Both decisions have drawn strong reactions from the community most affected by them: self-published authors. We know this for sure with Amazon, as its announcement about switching to a per-page payment for KU content was directed at authors with content enrolled in the programme via Kindle Direct Publishing. This platform is overwhelmingly used by self-published authors, and only authors who have chosen to make their ebooks available exclusively through Amazon are enrolled in Kindle Unlimited. The changes Amazon made to the way it paid authors were, in part, intended to address instances where self-published authors were gaming the system, releasing short-form content into KU because they received the same flat fee for a 'borrow' of a 30,000 word work that they would for a 130,000 word novel. Amazon's decision has been widely criticised as an instance of the company turning on the independent authors who have arguably been the main engine of ebook growth in the past year.
Similarly Scribd's decision to reduce the number of romance titles in its catalog has also primarily affected self-published authors. Indeed this story first broke when Mark Coker, the founder of ebook aggregator Smashwords wrote a blog post where he said that 80-90% of the (mainly self-published) romance titles that it supplies Scribd would be cut from the catalog. Smashwords was one of the first content providers to strike a deal with Scribd when it pivoted from being a document hosting site to a subscription platform in 2013, and the 100,000+ titles it injected into its catalog must have played a crucial role in convincing consumers that the service was worth their consideration. Scribd must have wanted it very much as well, as Coker also revealed that under the deal Scribd paid out 60% of the list price of each ebook to authors whenever a reader read over 30% of the content. Now, as Scribd said in its own statement, it has over 1 million titles in its catalog, many of which secured under too generous terms, and it needs to rationalise this in order to make the service more financially sustainable. It is also just possible that with a large quantity of romance content now in its catalog, Scribd wanted to take this as an opportunity to refine and curate what it presents from the category in a more discriminating manner.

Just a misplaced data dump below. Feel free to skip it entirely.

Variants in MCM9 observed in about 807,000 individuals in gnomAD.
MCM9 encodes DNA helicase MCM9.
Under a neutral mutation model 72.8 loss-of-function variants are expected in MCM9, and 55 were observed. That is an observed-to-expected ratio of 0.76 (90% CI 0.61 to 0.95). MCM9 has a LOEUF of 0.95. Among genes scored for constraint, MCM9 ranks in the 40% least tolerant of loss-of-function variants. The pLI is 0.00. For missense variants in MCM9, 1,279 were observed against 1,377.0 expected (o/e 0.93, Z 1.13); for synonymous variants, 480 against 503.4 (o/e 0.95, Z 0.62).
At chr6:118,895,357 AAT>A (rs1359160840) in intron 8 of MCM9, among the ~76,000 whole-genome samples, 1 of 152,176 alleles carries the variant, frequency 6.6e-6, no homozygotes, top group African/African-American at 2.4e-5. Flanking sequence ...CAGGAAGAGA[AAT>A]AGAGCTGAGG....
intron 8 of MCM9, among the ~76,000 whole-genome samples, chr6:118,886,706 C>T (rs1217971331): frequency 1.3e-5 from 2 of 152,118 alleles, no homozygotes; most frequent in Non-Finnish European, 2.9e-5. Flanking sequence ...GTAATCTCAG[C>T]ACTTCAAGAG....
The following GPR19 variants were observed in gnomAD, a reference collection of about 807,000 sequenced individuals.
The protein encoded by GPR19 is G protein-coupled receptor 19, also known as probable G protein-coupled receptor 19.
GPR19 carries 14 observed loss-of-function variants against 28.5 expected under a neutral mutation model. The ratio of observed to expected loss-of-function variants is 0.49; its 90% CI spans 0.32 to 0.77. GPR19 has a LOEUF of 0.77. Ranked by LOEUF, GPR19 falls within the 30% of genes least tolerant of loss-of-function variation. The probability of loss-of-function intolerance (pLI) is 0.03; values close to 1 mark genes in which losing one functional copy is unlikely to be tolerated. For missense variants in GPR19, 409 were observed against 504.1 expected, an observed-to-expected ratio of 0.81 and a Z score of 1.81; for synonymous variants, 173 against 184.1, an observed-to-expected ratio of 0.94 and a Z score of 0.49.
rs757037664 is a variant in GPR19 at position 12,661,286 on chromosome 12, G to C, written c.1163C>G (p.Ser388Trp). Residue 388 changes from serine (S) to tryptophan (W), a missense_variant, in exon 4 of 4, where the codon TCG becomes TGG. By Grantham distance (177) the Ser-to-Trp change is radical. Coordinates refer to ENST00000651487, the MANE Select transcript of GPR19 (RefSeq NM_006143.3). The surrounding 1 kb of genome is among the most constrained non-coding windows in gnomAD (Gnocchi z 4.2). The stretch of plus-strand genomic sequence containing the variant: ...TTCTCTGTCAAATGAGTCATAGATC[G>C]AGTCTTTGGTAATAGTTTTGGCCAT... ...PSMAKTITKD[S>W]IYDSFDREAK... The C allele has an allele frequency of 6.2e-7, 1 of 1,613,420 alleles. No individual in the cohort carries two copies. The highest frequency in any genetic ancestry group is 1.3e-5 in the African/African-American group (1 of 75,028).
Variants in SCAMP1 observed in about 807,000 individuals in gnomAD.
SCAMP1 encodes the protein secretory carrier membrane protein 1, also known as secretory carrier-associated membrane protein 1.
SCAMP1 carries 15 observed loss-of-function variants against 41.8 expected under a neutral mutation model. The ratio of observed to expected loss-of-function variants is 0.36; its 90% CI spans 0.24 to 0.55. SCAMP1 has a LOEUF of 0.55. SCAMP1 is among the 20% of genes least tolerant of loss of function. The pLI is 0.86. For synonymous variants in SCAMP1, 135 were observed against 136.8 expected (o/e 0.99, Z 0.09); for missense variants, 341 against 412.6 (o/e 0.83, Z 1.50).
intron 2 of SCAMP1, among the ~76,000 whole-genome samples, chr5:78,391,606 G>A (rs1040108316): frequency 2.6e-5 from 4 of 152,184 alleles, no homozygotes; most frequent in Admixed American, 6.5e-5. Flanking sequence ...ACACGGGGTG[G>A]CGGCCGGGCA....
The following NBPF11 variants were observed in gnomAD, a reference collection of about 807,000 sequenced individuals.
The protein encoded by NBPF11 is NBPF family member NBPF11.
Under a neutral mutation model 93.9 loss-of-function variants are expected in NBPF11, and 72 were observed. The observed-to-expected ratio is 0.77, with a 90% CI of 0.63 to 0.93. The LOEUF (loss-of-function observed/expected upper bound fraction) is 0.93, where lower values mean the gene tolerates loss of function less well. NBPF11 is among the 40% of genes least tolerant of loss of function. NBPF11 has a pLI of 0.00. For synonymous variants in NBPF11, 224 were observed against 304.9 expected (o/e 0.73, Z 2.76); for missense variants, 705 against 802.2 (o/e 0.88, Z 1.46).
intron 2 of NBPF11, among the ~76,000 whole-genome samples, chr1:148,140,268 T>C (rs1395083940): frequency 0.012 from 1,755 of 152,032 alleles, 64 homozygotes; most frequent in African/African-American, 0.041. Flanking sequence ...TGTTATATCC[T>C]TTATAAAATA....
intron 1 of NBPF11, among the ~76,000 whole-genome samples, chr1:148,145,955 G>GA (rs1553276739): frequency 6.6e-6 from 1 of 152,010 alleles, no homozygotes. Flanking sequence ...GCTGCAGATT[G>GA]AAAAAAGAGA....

Both Coker and Scribd's statements suggest that it's not only self-published authors who are affected. Publishers who provide romance content to Scribd may also see a dip in their title count and a concomitant loss of income, though so far none have gone on the record to say how substantially they are affected. Amazon has never disclosed under what terms it acquires content from traditional publishers for KU, so it's impossible to say whether it has also changed the way it pays them for participating in the ebook subscription platform.
Whichever way we look at this situation one thing is clear. Self-published authors benefited disproportionately from the initial rise of ebook subscription services. These services needed content, and was prepared to pay self-published authors reasonably well for the privilege of making it available to readers on an all-you-can-eat basis. They participated wholeheartedly, scenting rewards, even as publishers held back. Then, as it emerged that (in some categories at least) that the all-you-can-eat model led to binge consumption it was inevitable that indie authors should shoulder a disproportionate amount of the fallout as ebook subscription platforms sought to recalibrate their services.
What this says about the long-term sustainability of ebook subscription we will only know when the unluckiest of them runs out of venture capital money. But this situation does suggest that even though ebook subscription services would have never got out of the starting blocks without the support of indie authors, they might need to reduce their reliance on them in order to convert themselves into sustainable businesses.